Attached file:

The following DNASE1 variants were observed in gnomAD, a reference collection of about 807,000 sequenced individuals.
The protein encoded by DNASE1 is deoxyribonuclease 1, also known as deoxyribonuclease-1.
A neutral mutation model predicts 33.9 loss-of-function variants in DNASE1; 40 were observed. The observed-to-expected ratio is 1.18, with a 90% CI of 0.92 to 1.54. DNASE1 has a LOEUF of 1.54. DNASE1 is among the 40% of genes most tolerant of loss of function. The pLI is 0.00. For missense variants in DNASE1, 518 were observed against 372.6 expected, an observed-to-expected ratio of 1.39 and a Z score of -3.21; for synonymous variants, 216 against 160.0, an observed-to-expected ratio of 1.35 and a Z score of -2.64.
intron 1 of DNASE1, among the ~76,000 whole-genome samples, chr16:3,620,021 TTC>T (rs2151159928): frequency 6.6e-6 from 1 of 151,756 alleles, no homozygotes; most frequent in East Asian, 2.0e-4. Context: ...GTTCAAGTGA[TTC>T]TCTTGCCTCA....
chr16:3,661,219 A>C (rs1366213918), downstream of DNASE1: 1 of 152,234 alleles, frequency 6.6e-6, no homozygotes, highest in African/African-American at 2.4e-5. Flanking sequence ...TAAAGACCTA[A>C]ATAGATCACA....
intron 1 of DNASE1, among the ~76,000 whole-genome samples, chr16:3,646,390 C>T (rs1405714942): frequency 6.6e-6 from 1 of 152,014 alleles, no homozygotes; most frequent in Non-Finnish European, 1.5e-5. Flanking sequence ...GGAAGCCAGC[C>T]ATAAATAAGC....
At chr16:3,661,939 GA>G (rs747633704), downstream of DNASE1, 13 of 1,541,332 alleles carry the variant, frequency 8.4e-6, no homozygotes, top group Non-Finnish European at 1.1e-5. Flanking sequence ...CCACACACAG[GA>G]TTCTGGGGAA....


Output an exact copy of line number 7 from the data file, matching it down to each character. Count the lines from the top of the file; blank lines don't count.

At chr16:3,661,939 GA>G (rs747633704), downstream of DNASE1, 13 of 1,541,332 alleles carry the variant, frequency 8.4e-6, no homozygotes, top group Non-Finnish European at 1.1e-5. Flanking sequence ...CCACACACAG[GA>G]TTCTGGGGAA....